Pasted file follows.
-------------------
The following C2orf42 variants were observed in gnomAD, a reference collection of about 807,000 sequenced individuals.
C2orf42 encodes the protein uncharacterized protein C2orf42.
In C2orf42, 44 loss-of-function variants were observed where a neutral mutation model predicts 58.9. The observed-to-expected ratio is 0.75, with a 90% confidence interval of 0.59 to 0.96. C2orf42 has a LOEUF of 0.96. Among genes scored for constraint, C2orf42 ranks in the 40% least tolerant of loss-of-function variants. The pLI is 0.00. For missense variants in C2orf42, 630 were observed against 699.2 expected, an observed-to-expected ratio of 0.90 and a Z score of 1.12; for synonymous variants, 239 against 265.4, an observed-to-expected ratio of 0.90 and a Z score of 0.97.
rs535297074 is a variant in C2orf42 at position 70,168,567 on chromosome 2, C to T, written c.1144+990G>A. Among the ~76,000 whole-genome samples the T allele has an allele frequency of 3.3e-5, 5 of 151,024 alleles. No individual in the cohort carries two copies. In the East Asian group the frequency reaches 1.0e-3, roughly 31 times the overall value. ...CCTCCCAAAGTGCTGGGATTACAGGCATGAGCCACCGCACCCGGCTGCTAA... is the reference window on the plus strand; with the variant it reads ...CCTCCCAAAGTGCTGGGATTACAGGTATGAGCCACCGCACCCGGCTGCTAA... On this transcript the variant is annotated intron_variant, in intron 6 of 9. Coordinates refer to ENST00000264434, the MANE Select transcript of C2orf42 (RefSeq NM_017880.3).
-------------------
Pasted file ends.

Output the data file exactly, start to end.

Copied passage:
The following C2orf42 variants were observed in gnomAD, a reference collection of about 807,000 sequenced individuals.
C2orf42 encodes the protein uncharacterized protein C2orf42.
In C2orf42, 44 loss-of-function variants were observed where a neutral mutation model predicts 58.9. The observed-to-expected ratio is 0.75, with a 90% confidence interval of 0.59 to 0.96. C2orf42 has a LOEUF of 0.96. Among genes scored for constraint, C2orf42 ranks in the 40% least tolerant of loss-of-function variants. The pLI is 0.00. For missense variants in C2orf42, 630 were observed against 699.2 expected, an observed-to-expected ratio of 0.90 and a Z score of 1.12; for synonymous variants, 239 against 265.4, an observed-to-expected ratio of 0.90 and a Z score of 0.97.
rs535297074 is a variant in C2orf42 at position 70,168,567 on chromosome 2, C to T, written c.1144+990G>A. Among the ~76,000 whole-genome samples the T allele has an allele frequency of 3.3e-5, 5 of 151,024 alleles. No individual in the cohort carries two copies. In the East Asian group the frequency reaches 1.0e-3, roughly 31 times the overall value. ...CCTCCCAAAGTGCTGGGATTACAGGCATGAGCCACCGCACCCGGCTGCTAA... is the reference window on the plus strand; with the variant it reads ...CCTCCCAAAGTGCTGGGATTACAGGTATGAGCCACCGCACCCGGCTGCTAA... On this transcript the variant is annotated intron_variant, in intron 6 of 9. Coordinates refer to ENST00000264434, the MANE Select transcript of C2orf42 (RefSeq NM_017880.3).